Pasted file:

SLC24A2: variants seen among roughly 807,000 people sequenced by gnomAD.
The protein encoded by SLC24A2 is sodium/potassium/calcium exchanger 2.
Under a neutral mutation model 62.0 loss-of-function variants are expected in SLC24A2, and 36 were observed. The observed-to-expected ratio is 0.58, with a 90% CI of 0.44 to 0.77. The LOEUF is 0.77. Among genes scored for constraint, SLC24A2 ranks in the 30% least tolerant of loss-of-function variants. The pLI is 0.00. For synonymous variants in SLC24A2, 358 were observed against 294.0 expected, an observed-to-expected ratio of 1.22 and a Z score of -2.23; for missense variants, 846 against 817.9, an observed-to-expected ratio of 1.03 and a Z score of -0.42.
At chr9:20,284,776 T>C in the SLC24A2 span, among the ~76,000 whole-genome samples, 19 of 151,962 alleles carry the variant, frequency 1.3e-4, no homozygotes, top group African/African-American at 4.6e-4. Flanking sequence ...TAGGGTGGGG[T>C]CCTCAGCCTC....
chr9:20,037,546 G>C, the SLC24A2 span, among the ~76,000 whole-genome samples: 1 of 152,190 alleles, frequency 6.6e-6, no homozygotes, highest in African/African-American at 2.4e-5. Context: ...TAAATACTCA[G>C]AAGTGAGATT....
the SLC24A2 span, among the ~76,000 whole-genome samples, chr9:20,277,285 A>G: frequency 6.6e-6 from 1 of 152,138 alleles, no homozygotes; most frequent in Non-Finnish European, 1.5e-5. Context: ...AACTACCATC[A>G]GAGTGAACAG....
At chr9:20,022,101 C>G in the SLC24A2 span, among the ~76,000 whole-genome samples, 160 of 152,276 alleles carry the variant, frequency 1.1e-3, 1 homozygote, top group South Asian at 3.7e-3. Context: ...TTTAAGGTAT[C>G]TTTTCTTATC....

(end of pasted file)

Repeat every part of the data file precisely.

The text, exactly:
SLC24A2: variants seen among roughly 807,000 people sequenced by gnomAD.
The protein encoded by SLC24A2 is sodium/potassium/calcium exchanger 2.
Under a neutral mutation model 62.0 loss-of-function variants are expected in SLC24A2, and 36 were observed. The observed-to-expected ratio is 0.58, with a 90% CI of 0.44 to 0.77. The LOEUF is 0.77. Among genes scored for constraint, SLC24A2 ranks in the 30% least tolerant of loss-of-function variants. The pLI is 0.00. For synonymous variants in SLC24A2, 358 were observed against 294.0 expected, an observed-to-expected ratio of 1.22 and a Z score of -2.23; for missense variants, 846 against 817.9, an observed-to-expected ratio of 1.03 and a Z score of -0.42.
At chr9:20,284,776 T>C in the SLC24A2 span, among the ~76,000 whole-genome samples, 19 of 151,962 alleles carry the variant, frequency 1.3e-4, no homozygotes, top group African/African-American at 4.6e-4. Flanking sequence ...TAGGGTGGGG[T>C]CCTCAGCCTC....
chr9:20,037,546 G>C, the SLC24A2 span, among the ~76,000 whole-genome samples: 1 of 152,190 alleles, frequency 6.6e-6, no homozygotes, highest in African/African-American at 2.4e-5. Context: ...TAAATACTCA[G>C]AAGTGAGATT....
the SLC24A2 span, among the ~76,000 whole-genome samples, chr9:20,277,285 A>G: frequency 6.6e-6 from 1 of 152,138 alleles, no homozygotes; most frequent in Non-Finnish European, 1.5e-5. Context: ...AACTACCATC[A>G]GAGTGAACAG....
At chr9:20,022,101 C>G in the SLC24A2 span, among the ~76,000 whole-genome samples, 160 of 152,276 alleles carry the variant, frequency 1.1e-3, 1 homozygote, top group South Asian at 3.7e-3. Context: ...TTTAAGGTAT[C>G]TTTTCTTATC....